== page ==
Right field-Jim Northrup (Breckenridge): Northrup was a fixture in the Tigers’ outfield for 11 years in the 1960s and 1970s and is known for hitting two grand slams in the same game and belting the key hit of the 1968 World Series: a triple off Bob Gibson in Game 7 to break the game open.

Designated hitter field-Kirk Gibson (Pontiac): Gibson is perfect at the designated hitter. He wasn’t there for his defense. It was his bat, his base running and overall positive influence with a give-it-your-all attitude that made Gibson a force in the majors. He hit 195 home runs for the Tigers in 12 seasons and had an OPS of .834. He will always be remembered for his two home runs in Game 5 of the 1984 World Series against the San Diego Padres.

Starting pitcher-Hal Newhouser (Detroit): When your ace pitcher is a Hall of Famer, you’re in a good spot. While Newhouser sometimes gets overlooked because some of his best seasons were during the war years when the talent was thinner, he won back-to-back American League MVP Awards in 1945-46 and was a four-time 20-game winner. He also was the winning pitcher in two games for the Tigers in the 1945 World Series against the Chicago Cubs, and he finished with a record of 200-148 for Detroit.

Starting pitcher-Frank Tanana (Detroit): It was in the middle of  his career when Tanana was acquired by the Tigers, but he delivered 96 wins in eight seasons and pitched a 1-0 shutout over the Toronto Blue Jays to win the American League East Division title in 1987.

Starting pitcher-Dave Rozema (Grand Rapids): He burst on the scene in 1977 – one season after Mark Fidrych’s sensational rookie season – and was 15-7 with a 3.09 ERA and 15 complete games. While he never was able to duplicate that season, he finished 57-46 with the Tigers with a 3.38 ERA and 10 saves. He made 16 starts for the 1984 Tigers and finished the season 7-6 with a 3.74 ERA.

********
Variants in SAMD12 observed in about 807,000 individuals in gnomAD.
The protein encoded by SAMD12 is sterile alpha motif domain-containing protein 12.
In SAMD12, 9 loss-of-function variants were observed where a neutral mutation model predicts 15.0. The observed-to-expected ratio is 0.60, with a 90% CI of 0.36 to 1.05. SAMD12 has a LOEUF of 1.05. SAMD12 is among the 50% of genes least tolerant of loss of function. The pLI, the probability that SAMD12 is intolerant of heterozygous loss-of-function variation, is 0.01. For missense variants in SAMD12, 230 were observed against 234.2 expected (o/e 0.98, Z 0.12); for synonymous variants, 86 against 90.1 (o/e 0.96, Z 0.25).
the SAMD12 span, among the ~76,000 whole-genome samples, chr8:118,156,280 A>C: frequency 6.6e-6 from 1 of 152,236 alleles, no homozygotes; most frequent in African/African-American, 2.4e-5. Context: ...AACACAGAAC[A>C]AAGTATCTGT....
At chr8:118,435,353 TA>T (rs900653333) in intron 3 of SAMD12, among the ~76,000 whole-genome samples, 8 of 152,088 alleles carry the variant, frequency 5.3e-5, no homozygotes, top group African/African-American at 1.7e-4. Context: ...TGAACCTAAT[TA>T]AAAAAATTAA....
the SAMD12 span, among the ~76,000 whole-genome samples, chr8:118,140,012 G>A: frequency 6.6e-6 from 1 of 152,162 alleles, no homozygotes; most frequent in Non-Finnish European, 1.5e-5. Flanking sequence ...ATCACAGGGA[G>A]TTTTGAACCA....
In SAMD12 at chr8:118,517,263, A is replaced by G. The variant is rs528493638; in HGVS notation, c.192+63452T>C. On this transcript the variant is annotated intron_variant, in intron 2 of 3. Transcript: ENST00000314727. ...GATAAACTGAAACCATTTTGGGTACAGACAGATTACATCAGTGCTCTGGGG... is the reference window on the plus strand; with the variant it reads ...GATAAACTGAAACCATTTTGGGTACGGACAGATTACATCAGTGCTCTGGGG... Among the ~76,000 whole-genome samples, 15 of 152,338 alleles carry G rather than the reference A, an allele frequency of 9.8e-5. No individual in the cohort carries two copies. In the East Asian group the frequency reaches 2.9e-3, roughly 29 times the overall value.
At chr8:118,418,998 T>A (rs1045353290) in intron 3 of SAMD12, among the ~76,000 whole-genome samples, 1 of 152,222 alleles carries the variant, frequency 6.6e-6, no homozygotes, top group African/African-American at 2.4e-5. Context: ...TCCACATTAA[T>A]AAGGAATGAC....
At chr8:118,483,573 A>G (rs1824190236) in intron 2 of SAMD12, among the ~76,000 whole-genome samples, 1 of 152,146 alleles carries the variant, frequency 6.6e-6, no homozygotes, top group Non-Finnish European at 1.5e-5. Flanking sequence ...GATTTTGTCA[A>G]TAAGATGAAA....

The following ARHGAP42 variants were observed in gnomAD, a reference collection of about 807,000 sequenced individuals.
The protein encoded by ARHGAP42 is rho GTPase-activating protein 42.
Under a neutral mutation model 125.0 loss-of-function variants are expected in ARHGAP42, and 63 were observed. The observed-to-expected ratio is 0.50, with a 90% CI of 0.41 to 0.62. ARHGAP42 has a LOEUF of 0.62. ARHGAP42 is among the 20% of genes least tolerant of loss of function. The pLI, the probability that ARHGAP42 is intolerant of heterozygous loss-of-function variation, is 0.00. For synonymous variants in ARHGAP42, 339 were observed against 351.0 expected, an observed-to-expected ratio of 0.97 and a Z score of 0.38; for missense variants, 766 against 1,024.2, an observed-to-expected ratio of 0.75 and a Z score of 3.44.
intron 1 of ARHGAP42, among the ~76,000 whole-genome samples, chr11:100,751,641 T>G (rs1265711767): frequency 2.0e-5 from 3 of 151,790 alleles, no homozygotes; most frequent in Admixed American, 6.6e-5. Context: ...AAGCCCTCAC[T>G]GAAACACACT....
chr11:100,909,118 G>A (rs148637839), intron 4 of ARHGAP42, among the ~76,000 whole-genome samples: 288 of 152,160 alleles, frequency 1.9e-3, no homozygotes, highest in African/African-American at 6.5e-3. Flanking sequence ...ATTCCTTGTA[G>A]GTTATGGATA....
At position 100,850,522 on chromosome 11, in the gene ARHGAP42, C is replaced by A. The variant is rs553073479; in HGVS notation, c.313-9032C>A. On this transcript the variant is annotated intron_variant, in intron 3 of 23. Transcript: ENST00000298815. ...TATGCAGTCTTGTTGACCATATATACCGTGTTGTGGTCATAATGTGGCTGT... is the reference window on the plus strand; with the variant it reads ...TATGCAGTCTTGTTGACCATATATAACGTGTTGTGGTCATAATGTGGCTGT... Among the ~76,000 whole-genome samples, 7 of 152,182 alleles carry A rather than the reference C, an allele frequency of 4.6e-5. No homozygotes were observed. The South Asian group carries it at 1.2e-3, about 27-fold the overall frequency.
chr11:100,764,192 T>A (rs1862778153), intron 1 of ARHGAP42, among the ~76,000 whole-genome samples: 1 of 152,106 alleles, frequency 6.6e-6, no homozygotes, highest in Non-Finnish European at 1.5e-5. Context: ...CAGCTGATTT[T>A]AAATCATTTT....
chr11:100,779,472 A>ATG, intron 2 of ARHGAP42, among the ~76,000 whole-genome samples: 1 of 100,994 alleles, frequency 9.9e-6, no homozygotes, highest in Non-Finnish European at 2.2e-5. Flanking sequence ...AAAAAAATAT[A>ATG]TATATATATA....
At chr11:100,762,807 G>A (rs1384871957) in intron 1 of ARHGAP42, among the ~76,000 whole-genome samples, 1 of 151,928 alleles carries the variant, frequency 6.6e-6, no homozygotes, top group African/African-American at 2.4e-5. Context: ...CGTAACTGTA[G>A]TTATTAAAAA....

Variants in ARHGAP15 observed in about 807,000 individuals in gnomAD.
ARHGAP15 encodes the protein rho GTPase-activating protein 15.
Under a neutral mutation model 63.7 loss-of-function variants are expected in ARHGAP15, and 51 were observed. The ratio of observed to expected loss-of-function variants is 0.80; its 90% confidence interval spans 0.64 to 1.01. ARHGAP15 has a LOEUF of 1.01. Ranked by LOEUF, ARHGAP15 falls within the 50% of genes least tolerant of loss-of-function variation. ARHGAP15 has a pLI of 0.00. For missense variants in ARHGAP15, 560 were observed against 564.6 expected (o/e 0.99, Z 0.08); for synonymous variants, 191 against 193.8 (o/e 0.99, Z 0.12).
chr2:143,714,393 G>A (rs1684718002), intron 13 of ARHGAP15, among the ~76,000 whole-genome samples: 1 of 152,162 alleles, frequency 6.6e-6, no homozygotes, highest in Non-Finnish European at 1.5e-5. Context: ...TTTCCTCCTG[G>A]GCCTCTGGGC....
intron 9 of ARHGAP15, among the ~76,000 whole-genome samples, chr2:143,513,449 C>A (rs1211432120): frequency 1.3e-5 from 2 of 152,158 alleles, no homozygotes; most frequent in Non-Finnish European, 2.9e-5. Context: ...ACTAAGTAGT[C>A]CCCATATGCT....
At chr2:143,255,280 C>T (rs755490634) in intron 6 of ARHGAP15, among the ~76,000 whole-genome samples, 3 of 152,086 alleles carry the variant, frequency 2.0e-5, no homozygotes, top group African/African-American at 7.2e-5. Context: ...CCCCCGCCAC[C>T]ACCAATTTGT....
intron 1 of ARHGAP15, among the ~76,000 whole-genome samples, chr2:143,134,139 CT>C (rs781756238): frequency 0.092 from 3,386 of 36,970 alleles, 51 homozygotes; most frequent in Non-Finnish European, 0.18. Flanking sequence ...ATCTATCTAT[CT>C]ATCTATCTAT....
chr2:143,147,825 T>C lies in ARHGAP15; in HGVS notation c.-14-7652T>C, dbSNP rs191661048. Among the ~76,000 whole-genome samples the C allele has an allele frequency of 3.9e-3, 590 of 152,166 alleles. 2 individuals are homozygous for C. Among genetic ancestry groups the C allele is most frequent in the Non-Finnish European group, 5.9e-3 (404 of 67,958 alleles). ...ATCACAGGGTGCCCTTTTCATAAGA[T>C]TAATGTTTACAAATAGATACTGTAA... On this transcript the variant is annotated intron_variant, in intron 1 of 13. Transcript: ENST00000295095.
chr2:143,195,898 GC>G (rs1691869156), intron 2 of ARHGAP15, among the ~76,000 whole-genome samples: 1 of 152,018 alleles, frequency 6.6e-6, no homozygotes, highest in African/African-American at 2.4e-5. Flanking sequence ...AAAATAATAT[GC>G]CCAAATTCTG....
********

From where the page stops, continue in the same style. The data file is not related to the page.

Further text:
Starting pitcher-Steve Gromek (Hamtramck): Gromek spent the last five years of a 17-year career in Detroit and had a team-high 18 wins in 1954. He finished 45-41 for Detroit with a 3.77 ERA, and he also was used out of the bullpen on occasion and picked up seven saves.

Starting pitcher-Phil Regan (Otsego): Regan spent the first six seasons of a 13-year career in the majors with the Tigers in the early 1960s. Over a three-year stretch from 1961-63, Regan was 36-25, and his ERA decreased each season from 5.25 to 4.04 and 3.86. He finished his time in Detroit 42-44 with a 4.50 ERA and a 1.378 WHIP.

Relief pitcher-Fred Gladding (Flat Rock): He was known as The Bear, and in seven seasons with the Tigers he appeared in 217 games, and only one of those came as a starter. He was at his best in the early 1960s, before gaudy save totals became the norm, and in his seven years with Detroit, Gladding was 26-11 with a 2.70 ERA and a 1,231 WHIP in 337 innings.

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Curtis Granderson might have been a better player than Lou Brock, but Granderson doesn't deserve the Hall of Fame